The candidates for the District B seat on the New Orleans City Council were invited to share their visions for Central City on Tuesday night, but all four stayed close to the message they have delivered all over Uptown.
With only three weeks left until the Nov. 6 election, none of the four candidates had any surprises for the members and partners of the Central City Renaissance Alliance in the quick, 30-minute discussion at the Mahalia Jackson Early Childhood and Family Learning Center.
LaToya Cantrell promised to replicate her work in Broadmoor in the Central City area. She’d begin by targeting the blighted properties owned by slumlords, she said, and then focus on creating public-private investments that bring a range of social services, access to health care and job training centered around schools and libraries — all while holding the city administration accountable for basic services.
“I say that because that’s been my work on the ground,” Cantrell said. “I’m not only just talking it. I have done it and I want to transfer my experience to the entire District B.”
Marlon “Buck” Horton used the patronage of his restaurant by both black and white customers as a metaphor for the more inclusive society he’d like to see in New Orleans. He has encouraged thousands of young people to register to vote, and by including them in the political process for the first time, they can now take on the work of building a better city themselves, he said.
“I don’t want them to just be excited because Obama is the first black president,” Horton said. “I want them to be excited because you have a future, and we’re working on your future.”
Dana Kaplan said the themes of public safety, opportunity for young people and economic development are all just as relevant in Central City as they are from the Warehouse District to Gert Town. She described the need to find incentives for developers to hire locally, and said that Central City’s culture should assist in its own development. In one example, she mentioned that the best way to increase public safety by making the ankle monitors more effective is to provide additional social services alongside the monitoring.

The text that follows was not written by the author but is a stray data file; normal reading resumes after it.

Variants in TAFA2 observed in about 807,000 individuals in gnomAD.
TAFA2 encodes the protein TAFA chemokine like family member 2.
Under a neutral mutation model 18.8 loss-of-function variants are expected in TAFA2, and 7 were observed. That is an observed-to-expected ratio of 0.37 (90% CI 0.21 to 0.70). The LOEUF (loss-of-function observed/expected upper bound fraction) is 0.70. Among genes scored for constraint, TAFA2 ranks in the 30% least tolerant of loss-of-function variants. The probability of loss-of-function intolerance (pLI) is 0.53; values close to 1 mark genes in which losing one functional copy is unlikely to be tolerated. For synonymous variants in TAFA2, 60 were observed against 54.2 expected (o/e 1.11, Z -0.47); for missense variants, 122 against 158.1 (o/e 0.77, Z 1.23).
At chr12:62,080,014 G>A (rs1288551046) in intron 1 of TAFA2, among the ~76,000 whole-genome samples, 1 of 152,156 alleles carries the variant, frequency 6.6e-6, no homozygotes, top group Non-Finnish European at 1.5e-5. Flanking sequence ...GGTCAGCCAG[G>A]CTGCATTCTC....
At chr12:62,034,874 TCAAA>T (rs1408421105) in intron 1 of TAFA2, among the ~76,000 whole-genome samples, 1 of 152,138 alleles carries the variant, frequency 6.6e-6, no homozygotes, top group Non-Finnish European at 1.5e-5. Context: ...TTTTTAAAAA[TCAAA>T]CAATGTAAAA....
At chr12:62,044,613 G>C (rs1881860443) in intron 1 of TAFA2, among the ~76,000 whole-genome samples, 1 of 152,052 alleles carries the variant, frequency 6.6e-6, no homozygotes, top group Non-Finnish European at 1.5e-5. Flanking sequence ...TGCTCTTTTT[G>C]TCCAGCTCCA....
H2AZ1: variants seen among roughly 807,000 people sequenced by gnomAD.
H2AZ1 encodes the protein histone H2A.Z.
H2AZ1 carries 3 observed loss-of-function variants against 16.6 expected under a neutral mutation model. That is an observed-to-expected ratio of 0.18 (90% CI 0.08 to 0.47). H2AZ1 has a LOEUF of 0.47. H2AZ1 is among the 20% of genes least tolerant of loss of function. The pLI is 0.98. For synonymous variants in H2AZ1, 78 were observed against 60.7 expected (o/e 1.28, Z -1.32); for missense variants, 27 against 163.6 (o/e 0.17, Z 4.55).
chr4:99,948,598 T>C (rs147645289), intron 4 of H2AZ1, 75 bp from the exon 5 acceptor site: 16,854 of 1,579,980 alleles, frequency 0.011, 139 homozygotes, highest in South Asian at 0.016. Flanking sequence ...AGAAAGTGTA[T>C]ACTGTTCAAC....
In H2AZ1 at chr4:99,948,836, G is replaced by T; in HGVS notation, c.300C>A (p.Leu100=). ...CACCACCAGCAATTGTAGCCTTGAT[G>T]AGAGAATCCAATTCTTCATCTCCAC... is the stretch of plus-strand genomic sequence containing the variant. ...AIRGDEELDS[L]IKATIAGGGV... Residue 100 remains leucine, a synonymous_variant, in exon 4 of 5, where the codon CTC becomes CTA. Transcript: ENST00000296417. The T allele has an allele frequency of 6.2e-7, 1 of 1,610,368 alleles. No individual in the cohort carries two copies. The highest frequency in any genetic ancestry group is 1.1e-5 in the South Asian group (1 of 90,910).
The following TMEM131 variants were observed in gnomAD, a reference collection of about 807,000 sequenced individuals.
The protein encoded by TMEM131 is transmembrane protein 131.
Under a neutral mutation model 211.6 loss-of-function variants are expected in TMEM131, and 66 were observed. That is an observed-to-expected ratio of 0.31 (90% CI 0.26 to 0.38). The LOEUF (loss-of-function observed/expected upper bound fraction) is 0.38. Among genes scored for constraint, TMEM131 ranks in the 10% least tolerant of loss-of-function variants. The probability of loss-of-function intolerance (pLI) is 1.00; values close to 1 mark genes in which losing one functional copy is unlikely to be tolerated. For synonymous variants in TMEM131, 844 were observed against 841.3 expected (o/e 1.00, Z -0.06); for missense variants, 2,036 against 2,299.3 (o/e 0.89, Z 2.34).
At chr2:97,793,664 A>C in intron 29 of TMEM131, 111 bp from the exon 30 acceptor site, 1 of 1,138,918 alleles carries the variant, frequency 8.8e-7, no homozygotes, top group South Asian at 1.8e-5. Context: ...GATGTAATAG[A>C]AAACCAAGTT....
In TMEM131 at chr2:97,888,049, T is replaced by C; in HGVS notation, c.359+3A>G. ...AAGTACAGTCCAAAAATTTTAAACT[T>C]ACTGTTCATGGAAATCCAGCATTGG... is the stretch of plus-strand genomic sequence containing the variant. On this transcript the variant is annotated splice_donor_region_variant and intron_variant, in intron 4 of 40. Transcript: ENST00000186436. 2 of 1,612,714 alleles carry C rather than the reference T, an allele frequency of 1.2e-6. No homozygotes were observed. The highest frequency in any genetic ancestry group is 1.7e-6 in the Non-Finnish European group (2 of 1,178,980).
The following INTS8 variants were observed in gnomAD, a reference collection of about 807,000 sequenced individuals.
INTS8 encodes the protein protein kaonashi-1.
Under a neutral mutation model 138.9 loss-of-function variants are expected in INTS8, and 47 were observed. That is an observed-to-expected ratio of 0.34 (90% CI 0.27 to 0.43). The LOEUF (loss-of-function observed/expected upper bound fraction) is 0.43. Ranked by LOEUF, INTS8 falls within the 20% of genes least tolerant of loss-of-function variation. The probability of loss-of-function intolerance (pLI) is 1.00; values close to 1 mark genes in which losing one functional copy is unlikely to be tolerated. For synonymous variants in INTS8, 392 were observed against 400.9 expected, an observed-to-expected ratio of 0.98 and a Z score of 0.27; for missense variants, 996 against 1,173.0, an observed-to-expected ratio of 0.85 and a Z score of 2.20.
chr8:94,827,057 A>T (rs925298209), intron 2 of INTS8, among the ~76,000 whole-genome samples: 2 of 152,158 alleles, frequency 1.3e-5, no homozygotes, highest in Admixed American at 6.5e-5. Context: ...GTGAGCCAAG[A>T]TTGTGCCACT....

“It becomes a funding question,” Kaplan said. “Are we willing to fund the additional programs and services, supervision and support that come with the electronic ankle monitors?”
Eric Strachan also emphasized public safety, offering one idea to try to find ways to encourage police officers who live outside the city to move back in. He touted the redevelopment of O.C. Haley Boulevard as one of the most encouraging signs in the city, but acknowledged that much of Central City lacks basic services such as working street lights and pothole repair.
“We have to be single minded in addressing these problems, and keep at them until we get them under hand,” Strachan said.
The event was recorded live by Uptown Messenger, and that video can be viewed at the top of the page. Below, read our live coverage of the forum.